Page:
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This study adds to the evidence base of successful tax reforms by governments in developing countries where international support has helped.
These three tax events held on the side-lines of the 3rd International Conference on Financing for Development in Addis Ababa were organised by the OECD in partnership with UN-DESA and UNDP, and with support from a geographically wide and diverse coalition of partners including governments, regional tax organisations and civil society.
The OECD is holding three tax events on the side-lines of the 3rd International Conference on Financing for Development in Addis Ababa, Ethiopia.
L’OCDE et le Programme des Nations Unies pour le développement (PNUD) ont lancé une nouvelle initiative pour aider les pays en développement à accroître leurs recettes intérieures en renforçant leurs capacités en matière de vérification fiscale.
Événement en marge de la Troisième conférence internationale sur le financement du développement
Les taxes font partie des moyens potentiels les plus efficaces pour réduire la pollution et les émissions de gaz à effet de serre, mais elles sont actuellement sous-utilisées, à de très rares exceptions près ; même quand elles sont utilisées, elles ne sont en général pas conçues de manière à être optimisées.
This report produced in co-operation with the International Energy Agency (IEA), the International Transport Forum (ITF) and the Nuclear Energy Agency (NEA) identifies the misalignments between climate change objectives and policy and regulatory frameworks across a range of policy domains (investment, taxation, innovation and skills, trade, and adaptation) and activities at the heart of climate policy (electricity, urban mobility and rural land use).
Outside of countries’ core climate policies, many of the regulatory features of today’s economies have been built around the availability of fossil fuels and without any regard for the greenhouse gas emissions stemming from human activities. This report makes a diagnosis of these contradictions and points to means of solving them to support a more effective transition of all countries to a low-carbon economy.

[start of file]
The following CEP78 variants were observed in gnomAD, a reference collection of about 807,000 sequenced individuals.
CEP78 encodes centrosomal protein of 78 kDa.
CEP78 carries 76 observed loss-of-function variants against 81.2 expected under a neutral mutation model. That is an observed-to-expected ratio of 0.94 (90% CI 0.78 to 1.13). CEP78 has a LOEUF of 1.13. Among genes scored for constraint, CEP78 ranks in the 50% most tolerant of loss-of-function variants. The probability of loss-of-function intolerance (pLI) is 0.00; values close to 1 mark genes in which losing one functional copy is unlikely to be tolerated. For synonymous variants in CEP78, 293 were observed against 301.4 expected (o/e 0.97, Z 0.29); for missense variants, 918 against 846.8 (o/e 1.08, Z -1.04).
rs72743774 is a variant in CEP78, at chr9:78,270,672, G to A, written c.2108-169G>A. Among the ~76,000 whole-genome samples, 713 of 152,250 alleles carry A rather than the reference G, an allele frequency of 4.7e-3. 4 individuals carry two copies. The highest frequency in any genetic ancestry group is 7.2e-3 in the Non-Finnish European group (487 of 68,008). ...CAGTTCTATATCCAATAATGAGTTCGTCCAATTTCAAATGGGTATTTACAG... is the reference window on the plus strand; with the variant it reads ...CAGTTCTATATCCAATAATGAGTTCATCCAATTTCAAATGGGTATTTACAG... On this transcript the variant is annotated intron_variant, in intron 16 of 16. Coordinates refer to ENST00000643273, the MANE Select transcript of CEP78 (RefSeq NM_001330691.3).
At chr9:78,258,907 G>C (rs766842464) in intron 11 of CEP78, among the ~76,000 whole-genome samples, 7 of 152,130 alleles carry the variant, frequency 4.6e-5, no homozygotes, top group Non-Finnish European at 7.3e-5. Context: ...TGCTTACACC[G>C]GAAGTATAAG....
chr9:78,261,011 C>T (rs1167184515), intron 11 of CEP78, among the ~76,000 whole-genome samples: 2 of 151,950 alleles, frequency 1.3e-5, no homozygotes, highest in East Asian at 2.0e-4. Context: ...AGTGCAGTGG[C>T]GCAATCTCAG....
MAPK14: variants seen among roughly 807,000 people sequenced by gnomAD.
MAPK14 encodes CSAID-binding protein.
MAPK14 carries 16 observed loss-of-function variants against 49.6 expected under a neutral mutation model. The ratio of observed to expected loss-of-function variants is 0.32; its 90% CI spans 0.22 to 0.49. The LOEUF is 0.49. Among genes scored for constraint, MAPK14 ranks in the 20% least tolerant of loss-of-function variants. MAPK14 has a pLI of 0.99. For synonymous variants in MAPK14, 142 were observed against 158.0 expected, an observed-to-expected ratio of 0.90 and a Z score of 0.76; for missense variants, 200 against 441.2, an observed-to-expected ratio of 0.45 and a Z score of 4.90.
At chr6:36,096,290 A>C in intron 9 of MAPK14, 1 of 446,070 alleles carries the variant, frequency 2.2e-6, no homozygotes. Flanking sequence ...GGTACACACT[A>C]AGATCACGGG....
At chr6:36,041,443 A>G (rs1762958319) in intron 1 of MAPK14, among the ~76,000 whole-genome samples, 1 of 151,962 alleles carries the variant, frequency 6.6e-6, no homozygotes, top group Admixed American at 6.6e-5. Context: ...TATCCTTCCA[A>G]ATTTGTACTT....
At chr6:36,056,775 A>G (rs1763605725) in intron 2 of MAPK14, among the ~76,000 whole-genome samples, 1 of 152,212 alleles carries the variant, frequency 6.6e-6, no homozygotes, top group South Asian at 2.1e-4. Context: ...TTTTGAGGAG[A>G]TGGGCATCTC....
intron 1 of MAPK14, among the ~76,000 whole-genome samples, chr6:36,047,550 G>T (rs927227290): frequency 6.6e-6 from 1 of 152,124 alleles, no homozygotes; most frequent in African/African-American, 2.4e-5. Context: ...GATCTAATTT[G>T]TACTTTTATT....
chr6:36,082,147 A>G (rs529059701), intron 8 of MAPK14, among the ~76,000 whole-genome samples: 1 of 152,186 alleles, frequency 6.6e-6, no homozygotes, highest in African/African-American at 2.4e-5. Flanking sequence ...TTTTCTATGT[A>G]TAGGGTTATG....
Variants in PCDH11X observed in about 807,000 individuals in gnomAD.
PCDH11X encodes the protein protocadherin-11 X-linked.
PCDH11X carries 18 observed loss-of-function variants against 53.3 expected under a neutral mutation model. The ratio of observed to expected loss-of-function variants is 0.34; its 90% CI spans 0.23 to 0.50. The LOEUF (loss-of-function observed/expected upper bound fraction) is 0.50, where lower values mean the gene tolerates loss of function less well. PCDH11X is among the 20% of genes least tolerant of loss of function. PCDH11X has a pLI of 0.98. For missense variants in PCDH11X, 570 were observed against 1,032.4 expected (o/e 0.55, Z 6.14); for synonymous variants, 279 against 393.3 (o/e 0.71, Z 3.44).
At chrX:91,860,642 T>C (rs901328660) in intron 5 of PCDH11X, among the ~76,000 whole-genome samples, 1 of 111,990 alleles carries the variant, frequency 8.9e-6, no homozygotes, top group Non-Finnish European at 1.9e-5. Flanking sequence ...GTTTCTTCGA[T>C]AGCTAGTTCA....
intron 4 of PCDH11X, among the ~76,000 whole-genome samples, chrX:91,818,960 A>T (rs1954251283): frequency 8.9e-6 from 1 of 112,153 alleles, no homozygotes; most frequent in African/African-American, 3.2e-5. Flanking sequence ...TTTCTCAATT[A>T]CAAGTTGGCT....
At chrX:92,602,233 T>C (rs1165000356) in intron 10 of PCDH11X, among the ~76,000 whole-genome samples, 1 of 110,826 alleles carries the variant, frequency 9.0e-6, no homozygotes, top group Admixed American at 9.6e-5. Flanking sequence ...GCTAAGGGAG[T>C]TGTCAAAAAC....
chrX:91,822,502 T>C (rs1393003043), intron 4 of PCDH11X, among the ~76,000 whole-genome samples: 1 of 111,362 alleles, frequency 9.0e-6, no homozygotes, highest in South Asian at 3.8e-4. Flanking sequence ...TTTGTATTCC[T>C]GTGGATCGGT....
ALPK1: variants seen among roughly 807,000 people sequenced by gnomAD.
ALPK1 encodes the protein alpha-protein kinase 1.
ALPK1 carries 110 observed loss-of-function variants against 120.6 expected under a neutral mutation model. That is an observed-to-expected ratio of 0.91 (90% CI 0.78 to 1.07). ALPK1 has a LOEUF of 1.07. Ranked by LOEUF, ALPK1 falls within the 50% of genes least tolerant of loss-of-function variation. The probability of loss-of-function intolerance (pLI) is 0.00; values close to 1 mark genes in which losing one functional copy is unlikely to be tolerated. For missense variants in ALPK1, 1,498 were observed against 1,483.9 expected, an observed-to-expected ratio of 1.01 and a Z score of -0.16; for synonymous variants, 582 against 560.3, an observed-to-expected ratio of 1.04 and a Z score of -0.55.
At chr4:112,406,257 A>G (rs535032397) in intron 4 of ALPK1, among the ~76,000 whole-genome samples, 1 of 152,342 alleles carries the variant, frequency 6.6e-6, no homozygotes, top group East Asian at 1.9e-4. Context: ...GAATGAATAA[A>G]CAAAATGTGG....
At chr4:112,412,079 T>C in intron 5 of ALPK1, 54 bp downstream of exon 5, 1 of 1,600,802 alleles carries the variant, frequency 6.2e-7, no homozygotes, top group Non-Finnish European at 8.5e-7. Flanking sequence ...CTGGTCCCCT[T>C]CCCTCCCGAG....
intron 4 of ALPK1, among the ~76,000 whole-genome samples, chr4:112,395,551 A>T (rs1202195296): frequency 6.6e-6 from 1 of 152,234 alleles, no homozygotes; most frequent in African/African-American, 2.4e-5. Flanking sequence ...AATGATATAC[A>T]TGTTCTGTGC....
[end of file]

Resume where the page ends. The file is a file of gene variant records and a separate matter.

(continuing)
Concerns around potential losses of competitiveness as a result of unilateral action on carbon pricing are often central for policy makers contemplating the introduction of such instruments. This paper is a review of literature on ex post empirical evaluations of the impacts of carbon prices on indicators of competitiveness as employed in the literature, including employment, output or exports, at different levels of aggregation.
Proposals to increase environmentally related taxes are often challenged on competitiveness grounds. The concern is that value creation in certain sectors might decline domestically if a country introduces environmentally related taxes unilaterally. This paper provides evidence on the short-term competitiveness impacts of the German electricity tax introduced unilaterally in 1999.
This year’s COP21 presents a unique opportunity. It will need to forge a clear path for reducing emissions, and for lessening our impact on the planet. It is therefore timely that this year’s International Tax Dialogue focuses on the role that tax can play in managing these environmental challenges.